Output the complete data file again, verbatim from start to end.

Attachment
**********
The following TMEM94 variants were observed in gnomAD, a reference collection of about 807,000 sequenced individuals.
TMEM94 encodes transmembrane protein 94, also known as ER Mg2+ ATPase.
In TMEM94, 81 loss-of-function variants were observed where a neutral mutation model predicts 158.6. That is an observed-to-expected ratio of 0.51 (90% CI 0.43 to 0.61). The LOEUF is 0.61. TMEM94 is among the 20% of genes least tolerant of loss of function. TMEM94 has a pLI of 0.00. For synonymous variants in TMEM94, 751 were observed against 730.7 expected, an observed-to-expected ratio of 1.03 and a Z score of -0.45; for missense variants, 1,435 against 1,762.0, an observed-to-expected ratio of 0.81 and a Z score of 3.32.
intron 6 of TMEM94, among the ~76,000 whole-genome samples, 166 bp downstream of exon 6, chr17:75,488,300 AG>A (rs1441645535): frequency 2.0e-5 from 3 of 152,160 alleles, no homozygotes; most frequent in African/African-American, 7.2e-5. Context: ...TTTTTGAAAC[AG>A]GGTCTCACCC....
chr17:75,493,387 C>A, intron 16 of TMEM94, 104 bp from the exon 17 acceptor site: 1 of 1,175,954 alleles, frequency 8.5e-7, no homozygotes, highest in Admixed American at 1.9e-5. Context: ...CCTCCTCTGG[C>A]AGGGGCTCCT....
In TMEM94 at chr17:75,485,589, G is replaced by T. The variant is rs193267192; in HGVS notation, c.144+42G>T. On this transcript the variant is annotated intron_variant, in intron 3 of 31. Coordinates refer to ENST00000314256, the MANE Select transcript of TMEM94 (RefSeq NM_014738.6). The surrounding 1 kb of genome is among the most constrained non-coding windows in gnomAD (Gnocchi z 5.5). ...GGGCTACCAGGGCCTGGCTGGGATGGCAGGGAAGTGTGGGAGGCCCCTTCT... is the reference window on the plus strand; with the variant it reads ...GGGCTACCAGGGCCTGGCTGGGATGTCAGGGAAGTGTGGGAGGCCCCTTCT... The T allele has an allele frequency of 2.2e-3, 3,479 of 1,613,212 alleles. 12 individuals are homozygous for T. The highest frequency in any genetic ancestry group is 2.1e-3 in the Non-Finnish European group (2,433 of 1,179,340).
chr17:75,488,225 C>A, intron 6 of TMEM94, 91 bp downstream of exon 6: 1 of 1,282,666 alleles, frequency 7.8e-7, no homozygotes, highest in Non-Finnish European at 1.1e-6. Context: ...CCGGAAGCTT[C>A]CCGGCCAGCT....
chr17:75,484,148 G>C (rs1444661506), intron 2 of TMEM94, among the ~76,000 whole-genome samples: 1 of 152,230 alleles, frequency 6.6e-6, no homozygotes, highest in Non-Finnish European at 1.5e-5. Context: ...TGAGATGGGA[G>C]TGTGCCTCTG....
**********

The following TMEM94 variants were observed in gnomAD, a reference collection of about 807,000 sequenced individuals.
TMEM94 encodes transmembrane protein 94, also known as ER Mg2+ ATPase.
In TMEM94, 81 loss-of-function variants were observed where a neutral mutation model predicts 158.6. That is an observed-to-expected ratio of 0.51 (90% CI 0.43 to 0.61). The LOEUF is 0.61. TMEM94 is among the 20% of genes least tolerant of loss of function. TMEM94 has a pLI of 0.00. For synonymous variants in TMEM94, 751 were observed against 730.7 expected, an observed-to-expected ratio of 1.03 and a Z score of -0.45; for missense variants, 1,435 against 1,762.0, an observed-to-expected ratio of 0.81 and a Z score of 3.32.
intron 6 of TMEM94, among the ~76,000 whole-genome samples, 166 bp downstream of exon 6, chr17:75,488,300 AG>A (rs1441645535): frequency 2.0e-5 from 3 of 152,160 alleles, no homozygotes; most frequent in African/African-American, 7.2e-5. Context: ...TTTTTGAAAC[AG>A]GGTCTCACCC....
chr17:75,493,387 C>A, intron 16 of TMEM94, 104 bp from the exon 17 acceptor site: 1 of 1,175,954 alleles, frequency 8.5e-7, no homozygotes, highest in Admixed American at 1.9e-5. Context: ...CCTCCTCTGG[C>A]AGGGGCTCCT....
In TMEM94 at chr17:75,485,589, G is replaced by T. The variant is rs193267192; in HGVS notation, c.144+42G>T. On this transcript the variant is annotated intron_variant, in intron 3 of 31. Coordinates refer to ENST00000314256, the MANE Select transcript of TMEM94 (RefSeq NM_014738.6). The surrounding 1 kb of genome is among the most constrained non-coding windows in gnomAD (Gnocchi z 5.5). ...GGGCTACCAGGGCCTGGCTGGGATGGCAGGGAAGTGTGGGAGGCCCCTTCT... is the reference window on the plus strand; with the variant it reads ...GGGCTACCAGGGCCTGGCTGGGATGTCAGGGAAGTGTGGGAGGCCCCTTCT... The T allele has an allele frequency of 2.2e-3, 3,479 of 1,613,212 alleles. 12 individuals are homozygous for T. The highest frequency in any genetic ancestry group is 2.1e-3 in the Non-Finnish European group (2,433 of 1,179,340).
chr17:75,488,225 C>A, intron 6 of TMEM94, 91 bp downstream of exon 6: 1 of 1,282,666 alleles, frequency 7.8e-7, no homozygotes, highest in Non-Finnish European at 1.1e-6. Context: ...CCGGAAGCTT[C>A]CCGGCCAGCT....
chr17:75,484,148 G>C (rs1444661506), intron 2 of TMEM94, among the ~76,000 whole-genome samples: 1 of 152,230 alleles, frequency 6.6e-6, no homozygotes, highest in Non-Finnish European at 1.5e-5. Context: ...TGAGATGGGA[G>C]TGTGCCTCTG....